Reassembled data shows the risk of forest fires facing every property in the United States today, and the projected risk 30 years from now in 2052.
The data show that parts of the American West and a significant part California and Floridatoday the probability of forest fires is from 1% to 6% per year, and this probability increases sharply to 26-86%.
The data also predicts that areas at risk will grow over 30 years, and areas of the United States west of the Missouri River face a probability of forest fires of up to 86% per year.
Gulf Coast, Southern States, North Minnesotaand New Jersey’s pockets are also projected to face increased risk for 30 years.
Recently collected data show the risk of forest fires facing today at every property in the United States
Data show that in the western United States, as well as in most of California and Florida today, the probability of forest fires is 1% to 6% per year, and this probability increases sharply to 26% and 86%. The data also predicts that areas at risk will grow over 30 years, and areas of the United States west of the Missouri River face a probability of forest fires of up to 86% per year.
Recently collected data show the risk of forest fires facing every property in the United States today and 30 years from now. Upstairs is a mansion in Lagoon, California. forest fire burns
The data collected by the First Street Foundation is the first to examine the risk faced by every property in the country. Above was a burning neighborhood in Lagoon, California, smoldering
The data was published by a New York nonprofit group First Street Foundation on Monday. This is the first comprehensive review of the risk of forest fires faced by every property in the United States, as the U.S. government provides such information only about flood risk.
First Street CEO Matthew Abbey called the forecasts for the next 30 years “simply staggering.”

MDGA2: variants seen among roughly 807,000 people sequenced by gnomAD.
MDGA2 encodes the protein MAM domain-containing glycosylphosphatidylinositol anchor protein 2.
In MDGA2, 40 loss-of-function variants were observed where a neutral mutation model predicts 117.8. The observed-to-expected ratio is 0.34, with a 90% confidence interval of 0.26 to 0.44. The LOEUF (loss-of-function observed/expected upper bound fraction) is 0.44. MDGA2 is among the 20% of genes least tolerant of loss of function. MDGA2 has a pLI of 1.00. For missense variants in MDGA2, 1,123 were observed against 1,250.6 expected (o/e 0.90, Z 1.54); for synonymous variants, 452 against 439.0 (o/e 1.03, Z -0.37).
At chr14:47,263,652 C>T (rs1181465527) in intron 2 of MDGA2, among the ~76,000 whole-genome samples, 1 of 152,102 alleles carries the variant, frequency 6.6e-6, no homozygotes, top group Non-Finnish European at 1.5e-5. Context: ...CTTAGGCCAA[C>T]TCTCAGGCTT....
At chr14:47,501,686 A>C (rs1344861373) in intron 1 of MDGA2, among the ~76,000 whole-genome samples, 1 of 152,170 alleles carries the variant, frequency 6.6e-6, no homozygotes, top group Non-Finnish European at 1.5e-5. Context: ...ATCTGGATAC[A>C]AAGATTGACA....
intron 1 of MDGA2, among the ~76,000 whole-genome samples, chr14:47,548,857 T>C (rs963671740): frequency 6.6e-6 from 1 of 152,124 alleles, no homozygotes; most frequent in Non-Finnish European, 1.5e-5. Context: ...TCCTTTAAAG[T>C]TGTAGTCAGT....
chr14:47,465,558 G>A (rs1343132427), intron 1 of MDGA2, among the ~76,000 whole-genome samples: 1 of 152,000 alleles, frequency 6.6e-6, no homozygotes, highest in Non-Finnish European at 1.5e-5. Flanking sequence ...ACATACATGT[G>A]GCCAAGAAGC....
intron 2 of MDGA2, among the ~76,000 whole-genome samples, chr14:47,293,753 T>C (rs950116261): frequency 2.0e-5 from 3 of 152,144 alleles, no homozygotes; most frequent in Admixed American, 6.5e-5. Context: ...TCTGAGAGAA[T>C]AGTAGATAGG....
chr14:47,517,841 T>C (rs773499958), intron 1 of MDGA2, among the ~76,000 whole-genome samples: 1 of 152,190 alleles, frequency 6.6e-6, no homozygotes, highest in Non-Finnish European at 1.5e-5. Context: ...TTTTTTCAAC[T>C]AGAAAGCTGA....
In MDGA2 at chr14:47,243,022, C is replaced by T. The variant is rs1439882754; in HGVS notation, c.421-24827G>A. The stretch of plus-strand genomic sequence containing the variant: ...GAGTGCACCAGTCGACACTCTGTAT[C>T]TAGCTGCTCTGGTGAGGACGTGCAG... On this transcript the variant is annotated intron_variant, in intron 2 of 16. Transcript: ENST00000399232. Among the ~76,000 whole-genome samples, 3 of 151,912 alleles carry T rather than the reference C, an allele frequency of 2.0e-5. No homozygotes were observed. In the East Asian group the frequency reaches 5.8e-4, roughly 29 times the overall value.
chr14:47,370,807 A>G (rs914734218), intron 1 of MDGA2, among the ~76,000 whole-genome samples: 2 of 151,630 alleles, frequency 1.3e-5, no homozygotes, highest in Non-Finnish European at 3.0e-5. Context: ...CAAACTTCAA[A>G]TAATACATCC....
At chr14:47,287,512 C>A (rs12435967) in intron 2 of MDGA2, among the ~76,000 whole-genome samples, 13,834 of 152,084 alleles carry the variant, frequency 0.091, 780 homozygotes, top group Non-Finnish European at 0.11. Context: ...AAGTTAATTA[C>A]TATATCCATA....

The data comes at a time when climate change has led to an increase in forest fires across America, while inflation and soaring housing prices are forcing Americans into more fire-prone areas. Currently, forest fires are burning in more than a dozen states across the country.
Last week, a forest fire in Laguna Nigel, California, tore apart a community and turned 20 million mansions into ruins.
In New Mexico, two forest fires burned in a matter of days and now cover more than 298,000 acres, making it the largest forest fire in state history.
Today, Florida has the most real estate in which the probability of forest fires is at least 1%. By 2052, the risk for many of these facilities could rise to 86%. Upstairs in Lagoon, California, a Porsche burned down during a May forest fire
“For too long, we have allowed people to live in communities and even drawn them into the community, keeping them unaware of the risks they are exposed to,” said Roy Wright, former head of risk reduction at the Federal Emergency Management Agency (FEMA). ). New York Times.
Wright expressed hope that the data “will draw attention to risk and make people take action.”
Evidence shows that today, half of all real estate in the lower 48 states face some degree of risk of forest fires. In some rural states, including Wyoming and Montana, 90% of real estate is already at risk.
More than 686,000 properties across the country face a probability of forest fires of at least 1% – the same percentage of risk that the U.S. government uses to determine which homes need flood insurance – and the risk of all of these projects will grow to 26%, according to the First Street.